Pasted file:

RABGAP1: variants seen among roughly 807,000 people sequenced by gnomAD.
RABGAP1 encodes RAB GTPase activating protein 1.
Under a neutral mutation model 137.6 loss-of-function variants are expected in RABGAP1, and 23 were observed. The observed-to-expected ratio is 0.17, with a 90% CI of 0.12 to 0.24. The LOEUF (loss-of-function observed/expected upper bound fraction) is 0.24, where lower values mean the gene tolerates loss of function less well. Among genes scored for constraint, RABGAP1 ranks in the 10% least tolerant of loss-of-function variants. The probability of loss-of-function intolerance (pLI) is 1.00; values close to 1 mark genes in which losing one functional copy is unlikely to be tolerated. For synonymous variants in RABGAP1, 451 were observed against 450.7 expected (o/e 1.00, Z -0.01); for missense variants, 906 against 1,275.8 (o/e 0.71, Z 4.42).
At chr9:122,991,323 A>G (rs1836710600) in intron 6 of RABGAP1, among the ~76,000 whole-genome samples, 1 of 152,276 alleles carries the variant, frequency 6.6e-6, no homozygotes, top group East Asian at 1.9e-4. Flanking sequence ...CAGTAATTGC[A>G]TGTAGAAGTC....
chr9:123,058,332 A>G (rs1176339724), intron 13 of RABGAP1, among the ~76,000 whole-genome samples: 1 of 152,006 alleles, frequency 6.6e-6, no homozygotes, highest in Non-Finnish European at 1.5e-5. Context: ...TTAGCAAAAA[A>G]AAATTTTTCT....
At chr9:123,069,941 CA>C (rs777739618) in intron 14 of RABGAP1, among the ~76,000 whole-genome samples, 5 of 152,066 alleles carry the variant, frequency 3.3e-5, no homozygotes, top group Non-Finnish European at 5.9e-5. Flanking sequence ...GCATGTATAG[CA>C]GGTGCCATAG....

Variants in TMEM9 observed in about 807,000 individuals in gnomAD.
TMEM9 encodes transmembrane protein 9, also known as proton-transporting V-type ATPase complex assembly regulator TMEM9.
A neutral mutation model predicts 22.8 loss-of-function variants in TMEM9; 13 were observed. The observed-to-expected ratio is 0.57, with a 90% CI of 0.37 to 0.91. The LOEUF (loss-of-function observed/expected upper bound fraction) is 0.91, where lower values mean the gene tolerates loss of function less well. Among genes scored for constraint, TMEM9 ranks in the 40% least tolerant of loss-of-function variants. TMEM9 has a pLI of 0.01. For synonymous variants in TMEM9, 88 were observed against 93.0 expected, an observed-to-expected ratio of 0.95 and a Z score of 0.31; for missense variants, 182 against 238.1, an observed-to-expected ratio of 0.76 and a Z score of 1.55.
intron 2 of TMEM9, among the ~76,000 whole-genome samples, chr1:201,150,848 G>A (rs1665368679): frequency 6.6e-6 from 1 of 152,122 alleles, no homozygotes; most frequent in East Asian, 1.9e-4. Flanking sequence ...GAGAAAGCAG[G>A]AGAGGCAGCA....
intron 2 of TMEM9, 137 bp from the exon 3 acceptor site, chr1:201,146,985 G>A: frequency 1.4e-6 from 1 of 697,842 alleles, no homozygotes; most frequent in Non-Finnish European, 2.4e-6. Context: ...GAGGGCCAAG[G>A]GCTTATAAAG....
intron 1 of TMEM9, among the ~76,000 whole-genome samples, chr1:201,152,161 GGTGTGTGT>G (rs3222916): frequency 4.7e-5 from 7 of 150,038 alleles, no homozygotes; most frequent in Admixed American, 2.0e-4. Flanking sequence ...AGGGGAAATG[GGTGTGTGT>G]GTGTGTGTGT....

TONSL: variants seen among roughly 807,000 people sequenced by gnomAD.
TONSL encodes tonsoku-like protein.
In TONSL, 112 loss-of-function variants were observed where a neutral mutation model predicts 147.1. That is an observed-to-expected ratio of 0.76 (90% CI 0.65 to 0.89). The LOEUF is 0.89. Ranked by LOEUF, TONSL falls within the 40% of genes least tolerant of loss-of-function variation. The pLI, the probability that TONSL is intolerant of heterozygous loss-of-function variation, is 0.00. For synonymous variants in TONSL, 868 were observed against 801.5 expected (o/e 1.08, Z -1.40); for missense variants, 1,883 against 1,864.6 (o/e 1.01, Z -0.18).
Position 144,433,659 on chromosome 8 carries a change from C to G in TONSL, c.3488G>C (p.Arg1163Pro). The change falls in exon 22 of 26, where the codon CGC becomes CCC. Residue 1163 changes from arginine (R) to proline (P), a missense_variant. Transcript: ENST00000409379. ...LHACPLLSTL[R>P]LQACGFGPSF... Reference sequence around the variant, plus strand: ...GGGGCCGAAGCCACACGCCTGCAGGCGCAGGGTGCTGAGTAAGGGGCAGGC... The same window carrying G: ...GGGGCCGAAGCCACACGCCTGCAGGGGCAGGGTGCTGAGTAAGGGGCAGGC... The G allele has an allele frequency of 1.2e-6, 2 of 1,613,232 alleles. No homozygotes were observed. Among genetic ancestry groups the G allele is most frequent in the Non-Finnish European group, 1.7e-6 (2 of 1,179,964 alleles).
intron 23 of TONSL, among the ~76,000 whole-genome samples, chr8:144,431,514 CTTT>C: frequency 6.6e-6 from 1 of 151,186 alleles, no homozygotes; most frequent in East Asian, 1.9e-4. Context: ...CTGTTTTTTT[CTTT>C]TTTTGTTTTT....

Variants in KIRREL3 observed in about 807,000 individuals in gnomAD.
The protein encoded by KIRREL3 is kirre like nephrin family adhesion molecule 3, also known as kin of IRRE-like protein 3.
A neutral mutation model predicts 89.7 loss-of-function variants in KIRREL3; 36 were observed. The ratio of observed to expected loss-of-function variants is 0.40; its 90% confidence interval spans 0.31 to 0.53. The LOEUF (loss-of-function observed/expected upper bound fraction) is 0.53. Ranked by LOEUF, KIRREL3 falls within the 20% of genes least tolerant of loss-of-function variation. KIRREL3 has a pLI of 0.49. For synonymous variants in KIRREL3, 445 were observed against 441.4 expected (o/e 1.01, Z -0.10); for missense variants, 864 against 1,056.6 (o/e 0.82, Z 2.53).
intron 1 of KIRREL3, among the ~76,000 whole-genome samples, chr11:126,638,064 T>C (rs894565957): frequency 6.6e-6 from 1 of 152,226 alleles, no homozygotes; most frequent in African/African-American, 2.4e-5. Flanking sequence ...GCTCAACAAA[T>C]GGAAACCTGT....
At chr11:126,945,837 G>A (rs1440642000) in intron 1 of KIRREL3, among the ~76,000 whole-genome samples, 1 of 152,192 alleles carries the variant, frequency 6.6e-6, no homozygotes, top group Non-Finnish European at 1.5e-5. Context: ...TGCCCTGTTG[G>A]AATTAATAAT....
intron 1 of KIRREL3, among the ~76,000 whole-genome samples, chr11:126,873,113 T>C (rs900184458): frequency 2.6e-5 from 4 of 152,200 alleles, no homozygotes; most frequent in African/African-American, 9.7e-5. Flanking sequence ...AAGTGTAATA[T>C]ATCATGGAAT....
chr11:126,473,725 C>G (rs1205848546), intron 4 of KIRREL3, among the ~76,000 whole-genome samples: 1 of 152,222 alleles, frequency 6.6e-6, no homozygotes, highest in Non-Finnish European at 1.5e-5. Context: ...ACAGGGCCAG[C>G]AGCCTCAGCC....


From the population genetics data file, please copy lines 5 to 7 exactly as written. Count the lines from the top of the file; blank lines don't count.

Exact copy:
chr9:123,058,332 A>G (rs1176339724), intron 13 of RABGAP1, among the ~76,000 whole-genome samples: 1 of 152,006 alleles, frequency 6.6e-6, no homozygotes, highest in Non-Finnish European at 1.5e-5. Context: ...TTAGCAAAAA[A>G]AAATTTTTCT....
At chr9:123,069,941 CA>C (rs777739618) in intron 14 of RABGAP1, among the ~76,000 whole-genome samples, 5 of 152,066 alleles carry the variant, frequency 3.3e-5, no homozygotes, top group Non-Finnish European at 5.9e-5. Flanking sequence ...GCATGTATAG[CA>C]GGTGCCATAG....

Variants in TMEM9 observed in about 807,000 individuals in gnomAD.